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"I've read (sorry, couldn't find the specific journal reference, but I'll
keep looking) that an opthalmologist/psychologist did the research on this
10 or more years ago, and discovered fairly conclusively that the serifs
increase the visual differentiation between characters and thus make serif
type more readable; since recognizing differences requires that there _be_
differences, the conclusion seems to have been based on the idea that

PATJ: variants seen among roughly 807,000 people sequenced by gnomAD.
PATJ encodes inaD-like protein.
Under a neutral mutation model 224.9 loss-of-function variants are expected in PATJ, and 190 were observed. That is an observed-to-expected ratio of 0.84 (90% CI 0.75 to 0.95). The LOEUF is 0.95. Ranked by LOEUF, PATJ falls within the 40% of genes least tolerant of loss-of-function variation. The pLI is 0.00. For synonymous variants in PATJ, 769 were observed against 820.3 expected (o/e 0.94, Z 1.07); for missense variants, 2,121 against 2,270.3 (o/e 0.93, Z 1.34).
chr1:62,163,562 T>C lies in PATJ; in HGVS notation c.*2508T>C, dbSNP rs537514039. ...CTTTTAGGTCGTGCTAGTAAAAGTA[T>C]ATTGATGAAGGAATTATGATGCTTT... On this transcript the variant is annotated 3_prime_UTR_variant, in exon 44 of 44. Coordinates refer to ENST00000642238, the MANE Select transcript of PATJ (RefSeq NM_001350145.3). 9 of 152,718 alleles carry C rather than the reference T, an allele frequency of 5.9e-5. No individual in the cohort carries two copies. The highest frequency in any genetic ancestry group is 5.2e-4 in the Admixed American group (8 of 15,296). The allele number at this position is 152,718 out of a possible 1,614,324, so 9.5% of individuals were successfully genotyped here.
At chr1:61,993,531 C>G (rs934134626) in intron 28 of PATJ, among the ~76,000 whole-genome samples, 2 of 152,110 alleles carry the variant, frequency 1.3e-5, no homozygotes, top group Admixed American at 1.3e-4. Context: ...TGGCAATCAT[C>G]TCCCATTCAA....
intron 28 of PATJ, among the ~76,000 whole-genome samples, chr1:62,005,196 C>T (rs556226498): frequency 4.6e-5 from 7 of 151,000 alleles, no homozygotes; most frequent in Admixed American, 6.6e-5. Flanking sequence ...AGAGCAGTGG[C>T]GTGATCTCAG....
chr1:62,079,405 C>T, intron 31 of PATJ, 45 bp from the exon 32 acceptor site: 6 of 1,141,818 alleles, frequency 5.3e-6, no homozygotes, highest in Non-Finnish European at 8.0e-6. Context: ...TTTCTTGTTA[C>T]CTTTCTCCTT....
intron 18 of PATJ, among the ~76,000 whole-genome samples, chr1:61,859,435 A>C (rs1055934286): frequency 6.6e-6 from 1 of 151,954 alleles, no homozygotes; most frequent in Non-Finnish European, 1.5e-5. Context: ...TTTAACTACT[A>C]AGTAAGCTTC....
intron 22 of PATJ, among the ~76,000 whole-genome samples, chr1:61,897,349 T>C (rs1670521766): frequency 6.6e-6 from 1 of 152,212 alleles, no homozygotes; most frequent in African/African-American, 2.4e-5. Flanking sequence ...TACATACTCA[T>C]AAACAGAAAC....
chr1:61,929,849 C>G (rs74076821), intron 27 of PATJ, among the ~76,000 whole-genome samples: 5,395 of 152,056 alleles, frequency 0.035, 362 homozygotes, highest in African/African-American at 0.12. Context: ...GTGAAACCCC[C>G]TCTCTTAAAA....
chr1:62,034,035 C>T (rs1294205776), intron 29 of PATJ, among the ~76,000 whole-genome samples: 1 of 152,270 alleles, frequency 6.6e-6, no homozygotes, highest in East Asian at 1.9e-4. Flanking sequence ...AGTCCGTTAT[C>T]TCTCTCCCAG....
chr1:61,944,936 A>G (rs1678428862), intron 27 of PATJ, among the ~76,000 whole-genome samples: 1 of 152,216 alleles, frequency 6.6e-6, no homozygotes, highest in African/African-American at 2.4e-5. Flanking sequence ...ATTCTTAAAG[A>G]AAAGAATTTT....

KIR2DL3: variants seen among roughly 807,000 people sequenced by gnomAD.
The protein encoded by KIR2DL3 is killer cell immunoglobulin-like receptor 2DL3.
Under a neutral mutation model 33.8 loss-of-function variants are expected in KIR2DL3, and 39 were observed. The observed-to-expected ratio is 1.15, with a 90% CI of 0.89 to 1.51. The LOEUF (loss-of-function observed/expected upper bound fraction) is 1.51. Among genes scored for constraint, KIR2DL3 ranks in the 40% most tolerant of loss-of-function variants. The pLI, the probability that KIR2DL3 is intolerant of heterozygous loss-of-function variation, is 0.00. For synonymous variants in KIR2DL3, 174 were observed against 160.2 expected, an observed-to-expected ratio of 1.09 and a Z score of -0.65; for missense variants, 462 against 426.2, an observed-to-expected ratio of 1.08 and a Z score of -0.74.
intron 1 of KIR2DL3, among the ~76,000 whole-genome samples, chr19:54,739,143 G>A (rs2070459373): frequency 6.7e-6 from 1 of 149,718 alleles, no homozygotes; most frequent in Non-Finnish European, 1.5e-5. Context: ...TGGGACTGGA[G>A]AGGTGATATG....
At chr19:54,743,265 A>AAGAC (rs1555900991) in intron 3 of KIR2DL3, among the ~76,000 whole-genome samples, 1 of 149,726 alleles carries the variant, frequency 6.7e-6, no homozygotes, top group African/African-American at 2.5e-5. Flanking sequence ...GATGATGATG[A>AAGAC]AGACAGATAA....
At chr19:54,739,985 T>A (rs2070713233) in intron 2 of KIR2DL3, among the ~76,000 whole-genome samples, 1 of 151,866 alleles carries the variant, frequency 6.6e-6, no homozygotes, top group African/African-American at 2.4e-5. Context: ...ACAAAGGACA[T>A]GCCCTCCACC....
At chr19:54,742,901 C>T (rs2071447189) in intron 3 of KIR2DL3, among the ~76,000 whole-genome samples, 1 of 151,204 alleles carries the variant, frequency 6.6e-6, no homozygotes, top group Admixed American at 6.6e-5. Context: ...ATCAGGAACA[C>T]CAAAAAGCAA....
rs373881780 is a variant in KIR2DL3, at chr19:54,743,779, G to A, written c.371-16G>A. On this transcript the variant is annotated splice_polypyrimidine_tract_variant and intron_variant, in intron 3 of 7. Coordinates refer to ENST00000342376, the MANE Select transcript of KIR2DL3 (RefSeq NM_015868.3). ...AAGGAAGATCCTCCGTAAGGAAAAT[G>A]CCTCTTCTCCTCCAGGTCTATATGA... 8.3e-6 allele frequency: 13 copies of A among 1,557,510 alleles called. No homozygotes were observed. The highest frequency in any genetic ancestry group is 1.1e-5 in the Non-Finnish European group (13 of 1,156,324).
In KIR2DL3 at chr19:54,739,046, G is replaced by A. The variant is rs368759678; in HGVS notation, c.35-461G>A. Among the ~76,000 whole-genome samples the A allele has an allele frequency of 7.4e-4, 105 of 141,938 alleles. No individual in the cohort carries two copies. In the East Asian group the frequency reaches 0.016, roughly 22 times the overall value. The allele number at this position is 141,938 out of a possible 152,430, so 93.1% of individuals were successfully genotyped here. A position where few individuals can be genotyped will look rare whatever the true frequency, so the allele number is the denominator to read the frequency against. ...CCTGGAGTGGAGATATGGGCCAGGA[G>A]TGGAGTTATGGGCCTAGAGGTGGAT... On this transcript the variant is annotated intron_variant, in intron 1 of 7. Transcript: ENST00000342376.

emphasizing differences between character shapes makes them easier to
recognize and thus read."
My understanding is that we don't read character by character but by
grouping characters and words (you academia types can verify and
correct). so recognizeing characters wouldn't necessarily enhance
The instructor for the typography workshop (by the Dynamic Graphics
Education Foundation) I took several years ago, stated that serifs aid
readability by creating a baseline, sans serif have clarity of form.
He further distinguished between legibility and readability.
Legibility is typeface design; readability is typography. Basically,
legible typeface is really boring and most choices of typeface are
He went on to discuss other issues that lead to readability, which I
won't go into at this time.